He previously taught information policy courses at the University of Maryland iSchool where he was also a Postdoctoral Scholar at the Ethics and Values in Design (EViD) Lab. Proferes’ research focuses on how users understand information platforms like social media, and the policy and ethics issues that stem from them.

“I’m looking forward to making new connections across the campus, starting a few new research projects on user perspectives and experiences with algorithms, and teaching my ICT 205 Issues in Information and Communication Technology Policy course,” said Proferes. “I’ve also heard that fall in Lexington is amazing, so I’m looking forward to that as well.”

He received his Ph.D. in Information Studies from the University of Wisconsin - Milwaukee, and he received his M.A. in Communication, Culture, and Technology from Georgetown University.

Library Science Program

Robert Shapiro, Visiting Assistant Professor, will teach a required course on information organization where students learn fundamental principles and practices that facilitate access and retrieval.

“I think the most rewarding thing about teaching is getting the opportunity to expose students to new ideas, and expand their horizons. The most enjoyable thing about teaching though is getting the opportunity to learn from them and expand my own horizons,” said Shapiro.

Shapiro is a graduate of the School of Information Science at the University of Kentucky where he received his M.A. in Library Science. Shapiro previously served as Assistant Director for Research, Education, and Clinical Services at the Chandler Medical Center Library at the university. He is formerly a public health librarian and academic liaison to the College of Public Health for the medical center as well. His research interests include health literacy, health information seeking, and information access.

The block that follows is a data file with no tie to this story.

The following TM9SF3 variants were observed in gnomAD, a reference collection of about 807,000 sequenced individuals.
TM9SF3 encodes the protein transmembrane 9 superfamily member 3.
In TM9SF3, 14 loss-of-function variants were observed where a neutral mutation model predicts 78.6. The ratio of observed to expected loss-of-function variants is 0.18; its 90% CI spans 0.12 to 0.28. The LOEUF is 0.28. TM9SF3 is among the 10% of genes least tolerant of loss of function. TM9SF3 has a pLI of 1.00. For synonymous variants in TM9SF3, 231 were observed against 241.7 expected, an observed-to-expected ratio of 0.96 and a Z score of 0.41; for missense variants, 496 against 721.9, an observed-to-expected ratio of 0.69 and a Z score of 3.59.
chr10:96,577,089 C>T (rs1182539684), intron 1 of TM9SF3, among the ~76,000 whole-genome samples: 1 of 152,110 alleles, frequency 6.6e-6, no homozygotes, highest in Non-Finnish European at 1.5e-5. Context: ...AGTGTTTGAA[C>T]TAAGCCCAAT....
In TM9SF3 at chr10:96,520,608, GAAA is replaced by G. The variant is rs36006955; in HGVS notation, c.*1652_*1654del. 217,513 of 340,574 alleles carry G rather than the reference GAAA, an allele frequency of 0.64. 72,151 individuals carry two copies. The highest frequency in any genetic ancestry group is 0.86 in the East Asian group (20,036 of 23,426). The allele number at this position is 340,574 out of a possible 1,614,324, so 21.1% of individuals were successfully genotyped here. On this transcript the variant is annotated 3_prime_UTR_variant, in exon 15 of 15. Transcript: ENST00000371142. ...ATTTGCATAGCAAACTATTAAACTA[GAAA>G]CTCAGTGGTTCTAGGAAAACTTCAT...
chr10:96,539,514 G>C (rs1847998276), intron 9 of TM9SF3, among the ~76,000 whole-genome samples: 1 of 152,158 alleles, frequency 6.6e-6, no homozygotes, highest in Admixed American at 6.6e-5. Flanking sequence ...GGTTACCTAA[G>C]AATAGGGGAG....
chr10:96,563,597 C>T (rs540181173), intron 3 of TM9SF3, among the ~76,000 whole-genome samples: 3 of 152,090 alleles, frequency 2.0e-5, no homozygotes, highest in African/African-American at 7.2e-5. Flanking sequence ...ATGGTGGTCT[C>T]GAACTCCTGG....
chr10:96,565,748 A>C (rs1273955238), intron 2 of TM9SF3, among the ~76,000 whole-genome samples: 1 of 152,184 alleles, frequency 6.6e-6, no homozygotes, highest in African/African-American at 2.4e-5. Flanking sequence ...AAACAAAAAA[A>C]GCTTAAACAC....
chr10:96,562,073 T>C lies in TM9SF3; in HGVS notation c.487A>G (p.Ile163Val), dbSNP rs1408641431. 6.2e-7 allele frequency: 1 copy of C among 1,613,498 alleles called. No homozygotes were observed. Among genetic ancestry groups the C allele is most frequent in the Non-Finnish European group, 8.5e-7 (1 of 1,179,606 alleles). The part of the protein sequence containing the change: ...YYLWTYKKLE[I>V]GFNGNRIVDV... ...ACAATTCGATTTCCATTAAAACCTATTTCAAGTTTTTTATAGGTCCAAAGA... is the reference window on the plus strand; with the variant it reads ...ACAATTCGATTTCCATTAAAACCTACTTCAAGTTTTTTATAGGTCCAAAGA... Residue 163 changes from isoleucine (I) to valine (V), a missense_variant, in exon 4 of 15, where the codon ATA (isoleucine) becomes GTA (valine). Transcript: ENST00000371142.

When asked what he was looking forward to this semester, Shapiro said, “The energy around campus – and online! – at the beginning of each fall semester is incredible. There’s really nothing like it.”

Instructional Communication and Research Program

Kody Frey, Faculty Lecturer will teach CIS 110: Composition and Communication I this fall, which is an introductory course in a two-course sequence designed to engage students in composing and communicating ideas using speech, writing, and visuals. Frey is a doctoral student in the Communication program at the University of Kentucky.

Amanda Lawrence, Faculty Lecturer will teach CIS 300: Strategic Business and Professional Communication, an intensive course that prepares students for their careers by developing effective communication skills applied specifically to today’s technology-driven and global business environment. Lawrence is also a doctoral student in the Communication program at the university.

Katie Morrissey, Faculty Lecturer will teach CIS 112, an accelerated composition and communication course that focuses on integrated oral, written, and visual communication skill development and emphasizes critical inquiry and research.

Rachel Steckler, Faculty Lecturer will teach CIS 110 this fall. Steckler earned her Master’s degree in Communication in 2012. In the past, she has taught a variety of communication courses for the college as a part-time instructor.

Fallon Watson, Faculty Lecturer will teach CIS 110. Her research interests are in interpreivist studies exploring nonverbal communication, interpersonal communication, campus culture, and popular culture. 

About the School of Information Science

The School of Library and Information Science in the College of Communication and Information at the University of Kentucky became the School of Information Science on July 1, 2015. The name change follows the expansion of programs at the School (both at the graduate and undergraduate level) and the increasing diversity of professions in the information field. The Instructional Communication and Research program became a part of the school in 2013, and the Information Communication Technology program debuted in 2014. The School offers a M.S. in Library Science, School Library Certification, M.S. in Information Communication Technology, B.A./B.S. in Information Communication Technology with a new online track option in information studies, and an undergraduate minor in Information Studies